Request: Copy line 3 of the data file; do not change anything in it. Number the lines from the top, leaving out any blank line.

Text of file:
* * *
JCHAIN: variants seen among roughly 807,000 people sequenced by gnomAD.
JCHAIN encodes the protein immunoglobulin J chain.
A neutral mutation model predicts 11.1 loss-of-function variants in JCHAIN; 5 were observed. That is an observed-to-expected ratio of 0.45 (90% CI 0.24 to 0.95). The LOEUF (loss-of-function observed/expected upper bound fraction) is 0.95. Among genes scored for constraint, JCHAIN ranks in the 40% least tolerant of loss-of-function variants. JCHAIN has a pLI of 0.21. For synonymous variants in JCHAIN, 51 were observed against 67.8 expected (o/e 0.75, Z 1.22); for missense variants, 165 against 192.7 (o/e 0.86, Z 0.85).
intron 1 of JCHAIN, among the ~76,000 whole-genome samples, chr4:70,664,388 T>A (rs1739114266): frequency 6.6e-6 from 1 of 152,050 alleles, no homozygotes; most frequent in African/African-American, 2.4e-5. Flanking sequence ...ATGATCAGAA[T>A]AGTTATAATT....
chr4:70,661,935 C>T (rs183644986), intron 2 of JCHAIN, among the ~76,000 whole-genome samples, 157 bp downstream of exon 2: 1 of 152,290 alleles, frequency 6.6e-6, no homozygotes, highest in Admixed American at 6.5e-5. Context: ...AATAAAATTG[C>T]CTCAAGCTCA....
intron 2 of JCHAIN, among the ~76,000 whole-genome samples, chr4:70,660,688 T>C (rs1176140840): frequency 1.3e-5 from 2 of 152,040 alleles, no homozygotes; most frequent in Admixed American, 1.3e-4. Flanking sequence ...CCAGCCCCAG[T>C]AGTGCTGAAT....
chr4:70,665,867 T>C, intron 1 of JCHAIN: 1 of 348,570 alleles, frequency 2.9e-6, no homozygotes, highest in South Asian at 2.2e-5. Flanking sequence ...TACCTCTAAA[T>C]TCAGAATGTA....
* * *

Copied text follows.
A neutral mutation model predicts 11.1 loss-of-function variants in JCHAIN; 5 were observed. That is an observed-to-expected ratio of 0.45 (90% CI 0.24 to 0.95). The LOEUF (loss-of-function observed/expected upper bound fraction) is 0.95. Among genes scored for constraint, JCHAIN ranks in the 40% least tolerant of loss-of-function variants. JCHAIN has a pLI of 0.21. For synonymous variants in JCHAIN, 51 were observed against 67.8 expected (o/e 0.75, Z 1.22); for missense variants, 165 against 192.7 (o/e 0.86, Z 0.85).